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I am pleased to annouce that I have just launched the Dashboard Simulations Blog where I will publish articles on the topics of Business Simulation Games, Informal Learning, Gamification, Experiential Learning and Game-based Learning. It comes pre-loaded with a number of articles the most recent of which is A team game engagement process which guarantees transformative learning.
I am pleased to announce a new high performing team business simulation game, CHAPTER, which in a half-day puts you through your paces as the newly appointed manager of a ten-person team. To keep you on your toes your CEO just made your team the high profile pilot project for High Performing Teams across the whole company! The simulation integrates best practices from Informal Learning, Game-based Learning and Business Simulation.
Nature has a way of automatically right-sizing a group to tackle the job at hand. Just like the Russian Matryoshka Dolls (dolls within dolls), small groups link into bigger ones, which in turn link into still bigger ones. In this follow-up article to "Why penguins have no commanding officer" and "Did ants invent the perfect system for communicating via mobile technology?", Ken Thompson writing for NESTA explores what we can learn about teamwork and group/community size from nature's most successful teams.
I have invited leading Business Continuity Management (BCM) expert Pierre Wettergren to write a short guest blog on Bioteams.com to introduce this increasingly critical topic. Over the last 6 months Pierre and I have been collaborating on the design of a customisable BCM Simulation Game for Teams, which we call BCM eMATCH which allows them to run a virtual business and "what-if" the impact of different BCM strategies in response to changes and shocks their market conditions and internal operations.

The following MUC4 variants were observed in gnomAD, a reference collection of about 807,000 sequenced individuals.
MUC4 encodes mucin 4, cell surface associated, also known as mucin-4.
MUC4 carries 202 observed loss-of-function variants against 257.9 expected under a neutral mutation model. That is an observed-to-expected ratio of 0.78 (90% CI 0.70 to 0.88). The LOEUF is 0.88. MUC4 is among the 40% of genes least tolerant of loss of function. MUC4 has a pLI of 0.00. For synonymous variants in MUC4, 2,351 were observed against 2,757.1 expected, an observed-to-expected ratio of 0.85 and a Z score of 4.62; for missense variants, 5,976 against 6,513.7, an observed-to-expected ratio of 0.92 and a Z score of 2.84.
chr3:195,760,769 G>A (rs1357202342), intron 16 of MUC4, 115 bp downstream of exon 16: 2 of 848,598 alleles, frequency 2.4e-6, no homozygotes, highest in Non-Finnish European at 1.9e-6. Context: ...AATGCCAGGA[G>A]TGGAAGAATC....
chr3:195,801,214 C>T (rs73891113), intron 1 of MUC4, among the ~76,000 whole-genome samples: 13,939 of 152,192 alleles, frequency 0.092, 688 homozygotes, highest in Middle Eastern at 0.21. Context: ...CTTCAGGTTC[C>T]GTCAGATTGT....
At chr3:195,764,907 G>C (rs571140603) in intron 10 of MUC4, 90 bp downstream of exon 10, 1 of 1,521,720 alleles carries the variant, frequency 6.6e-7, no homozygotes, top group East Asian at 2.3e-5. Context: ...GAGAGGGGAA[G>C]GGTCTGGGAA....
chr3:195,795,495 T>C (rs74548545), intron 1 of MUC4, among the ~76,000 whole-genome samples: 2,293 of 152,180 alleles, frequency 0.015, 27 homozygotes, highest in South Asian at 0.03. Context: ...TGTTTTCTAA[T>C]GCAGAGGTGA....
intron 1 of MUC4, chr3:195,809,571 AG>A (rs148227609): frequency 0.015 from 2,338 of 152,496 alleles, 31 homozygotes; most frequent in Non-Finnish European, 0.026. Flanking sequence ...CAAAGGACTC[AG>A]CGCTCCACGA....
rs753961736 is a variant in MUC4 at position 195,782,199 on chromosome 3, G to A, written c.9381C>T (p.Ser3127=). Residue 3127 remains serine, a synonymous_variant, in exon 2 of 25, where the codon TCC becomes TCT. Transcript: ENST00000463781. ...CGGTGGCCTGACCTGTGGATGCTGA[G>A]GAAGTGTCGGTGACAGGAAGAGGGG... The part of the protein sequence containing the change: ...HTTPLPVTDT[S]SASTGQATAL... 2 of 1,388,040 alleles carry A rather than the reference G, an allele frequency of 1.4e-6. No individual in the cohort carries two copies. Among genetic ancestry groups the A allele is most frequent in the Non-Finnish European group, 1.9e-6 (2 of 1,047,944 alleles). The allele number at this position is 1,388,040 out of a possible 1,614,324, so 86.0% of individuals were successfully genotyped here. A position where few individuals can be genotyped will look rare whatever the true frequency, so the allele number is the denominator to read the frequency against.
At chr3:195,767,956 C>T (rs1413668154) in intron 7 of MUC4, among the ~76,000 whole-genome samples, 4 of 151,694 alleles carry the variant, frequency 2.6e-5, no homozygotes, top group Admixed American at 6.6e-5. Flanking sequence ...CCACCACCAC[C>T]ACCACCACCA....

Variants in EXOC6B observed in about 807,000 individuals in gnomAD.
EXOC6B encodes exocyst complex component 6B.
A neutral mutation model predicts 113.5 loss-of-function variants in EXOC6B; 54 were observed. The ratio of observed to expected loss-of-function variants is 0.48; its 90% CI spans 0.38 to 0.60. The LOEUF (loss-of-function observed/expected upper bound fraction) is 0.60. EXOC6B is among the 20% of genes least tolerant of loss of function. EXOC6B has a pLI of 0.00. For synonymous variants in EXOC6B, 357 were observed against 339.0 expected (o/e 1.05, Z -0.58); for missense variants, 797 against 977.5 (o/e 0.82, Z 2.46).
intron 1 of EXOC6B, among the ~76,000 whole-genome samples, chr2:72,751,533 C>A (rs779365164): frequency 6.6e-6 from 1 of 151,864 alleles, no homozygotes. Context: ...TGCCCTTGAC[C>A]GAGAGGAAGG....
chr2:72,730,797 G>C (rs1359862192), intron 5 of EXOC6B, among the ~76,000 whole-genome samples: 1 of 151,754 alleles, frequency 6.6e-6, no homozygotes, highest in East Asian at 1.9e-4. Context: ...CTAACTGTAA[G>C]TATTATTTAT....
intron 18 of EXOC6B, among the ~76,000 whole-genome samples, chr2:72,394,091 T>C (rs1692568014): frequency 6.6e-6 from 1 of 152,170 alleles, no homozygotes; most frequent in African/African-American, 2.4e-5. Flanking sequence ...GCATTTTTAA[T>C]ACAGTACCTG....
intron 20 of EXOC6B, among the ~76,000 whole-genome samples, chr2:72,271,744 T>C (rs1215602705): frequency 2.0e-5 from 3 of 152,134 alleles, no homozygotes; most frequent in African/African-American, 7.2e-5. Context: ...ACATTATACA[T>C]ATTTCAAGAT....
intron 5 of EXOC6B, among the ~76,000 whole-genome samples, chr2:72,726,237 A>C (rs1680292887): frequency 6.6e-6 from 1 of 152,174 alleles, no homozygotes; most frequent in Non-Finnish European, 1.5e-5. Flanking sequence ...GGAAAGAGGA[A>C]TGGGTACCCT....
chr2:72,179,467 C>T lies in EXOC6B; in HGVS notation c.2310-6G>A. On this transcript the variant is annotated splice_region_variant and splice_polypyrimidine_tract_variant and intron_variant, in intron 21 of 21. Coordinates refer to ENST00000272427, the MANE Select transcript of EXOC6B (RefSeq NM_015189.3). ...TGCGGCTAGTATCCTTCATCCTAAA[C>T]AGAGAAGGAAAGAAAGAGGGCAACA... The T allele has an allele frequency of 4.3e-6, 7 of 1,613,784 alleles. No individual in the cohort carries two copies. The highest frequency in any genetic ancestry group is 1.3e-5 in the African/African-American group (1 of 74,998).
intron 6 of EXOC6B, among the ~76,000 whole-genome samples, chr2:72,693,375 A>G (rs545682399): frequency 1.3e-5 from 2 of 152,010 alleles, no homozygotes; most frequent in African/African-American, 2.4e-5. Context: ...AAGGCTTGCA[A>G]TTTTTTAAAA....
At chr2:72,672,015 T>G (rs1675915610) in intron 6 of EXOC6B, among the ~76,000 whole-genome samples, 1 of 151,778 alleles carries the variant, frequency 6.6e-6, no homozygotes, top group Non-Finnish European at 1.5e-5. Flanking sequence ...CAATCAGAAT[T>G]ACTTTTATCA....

This article explores how you can create and quickly deliver short Values/Behaviour Clarification Questionnaires to engage business communities on leadership development and change management programmes about key values and the critical behaviours needed to support them in order to improve individual and team performance.
In a perfect world, negotiation would be unnecessary. If you have something that someone wants, and they have something that you want, then you'd just go and exchange them without all the hassle. Unfortunately, real life is rarely like that. Most of us go through some sort of negotiation on a daily basis. Whether it's getting your child to eat their vegetables in exchange for ice cream or getting that fortune 500 Company to hire you, knowing how to negotiate is imperative. Here are ten steps to help you.
Most of us are familiar with the concept of body language and its effects on our social interactions; for example, greeting a date with open arms and a warm expression says that we're excited for the evening, while a slumped stature and a pout says the opposite. These types of associations refer to what our posture and positioning say to others, but new research shows that the relationship runs in both directions. That is, the way we pose our bodies "speaks" not only to those around us, but to ourselves as well.